Not a big expert on pre-war Pacific political geography, and was always skeptical of these kind of claims but ... General Marshall was called to a post-war Congressional inquiry -seven- times and always had to disappear abroad on urgent business of high import to United States foreign policy. He never appeared. Clearly, he was not going to answer any questions about the run-up to war and it is likely that the war with Japan was precipitated.
There was nothing wrong with that as an aim (unless our own interests were not at risk) but it does mitigate Japanese guilt for unprovoked aggression or other non-Convention ‘moral equivalency’ charge.
As far at the future goes, I do not think Japanese re-militarization would be of any significance, any more than German re-militarization. It is much much cheaper to purchase the land than it is conquer it. East Prussia would be like East Germany in that it is cost-center and not a profit-center. Economically it is worthless - to the German state. To those who lost their ancestral lands, it is priceless. But that is another matter.
Japan’s only remaining territorial claims are the Kuriles and this is not going to be settled militarily.
General Marshall did testify before Congress concerning the run-up to Pearl Harbor and the role of the Chief of Staff's office has been thoroughly researched. The vast majority of the focus has been on the question of whether warnings were adequate to the commands in Hawaii or whether action could have been taken to defend against the attack.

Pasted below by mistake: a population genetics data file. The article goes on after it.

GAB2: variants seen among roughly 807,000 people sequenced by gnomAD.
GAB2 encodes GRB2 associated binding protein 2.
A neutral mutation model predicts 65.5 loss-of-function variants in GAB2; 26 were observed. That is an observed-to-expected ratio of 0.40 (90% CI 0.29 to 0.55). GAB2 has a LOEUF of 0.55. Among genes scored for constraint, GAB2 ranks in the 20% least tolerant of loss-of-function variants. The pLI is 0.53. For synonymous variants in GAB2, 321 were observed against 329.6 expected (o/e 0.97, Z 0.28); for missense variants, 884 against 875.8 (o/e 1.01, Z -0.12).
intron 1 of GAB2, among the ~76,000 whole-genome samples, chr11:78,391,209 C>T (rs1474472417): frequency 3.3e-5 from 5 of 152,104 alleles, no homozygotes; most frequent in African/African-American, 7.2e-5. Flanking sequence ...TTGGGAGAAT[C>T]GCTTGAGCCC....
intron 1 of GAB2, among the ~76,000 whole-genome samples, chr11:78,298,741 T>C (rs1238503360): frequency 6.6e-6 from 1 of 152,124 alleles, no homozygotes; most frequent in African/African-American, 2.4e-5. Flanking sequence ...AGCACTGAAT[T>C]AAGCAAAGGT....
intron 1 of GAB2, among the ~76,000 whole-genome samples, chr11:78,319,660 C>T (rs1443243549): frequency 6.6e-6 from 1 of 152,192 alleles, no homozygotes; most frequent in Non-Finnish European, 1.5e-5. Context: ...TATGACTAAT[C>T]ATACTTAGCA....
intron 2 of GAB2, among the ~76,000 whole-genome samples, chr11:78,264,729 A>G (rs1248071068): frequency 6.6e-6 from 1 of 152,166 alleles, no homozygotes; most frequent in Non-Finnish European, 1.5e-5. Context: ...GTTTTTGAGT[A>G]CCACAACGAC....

The argument over the embargo strikes me as classic appeasement reasoning. The embargo only came after years of Japanese war against China and clear threats against Southeast Asia. A policy to supply Japan's war effort against China and possibly others might have avoided the 1941 attack on Pearl and delayed a general war in Asia, but when it came Japan would have been stronger.
I agree. Re-militarization could help, actually, to deter the threats from China and a nuclear North Korea.
It is troubling, however, that the Japanese largely refuse to recognize the fact that their unjustified aggression caused the Pacific War, while in contrast Germany has faced its past and is determined not to repeat it. The situation in Asia today, however, is vastly different than in 1941 - Japan could never dominate Korea and China today as it could before WWII, even if became inclined to do so again.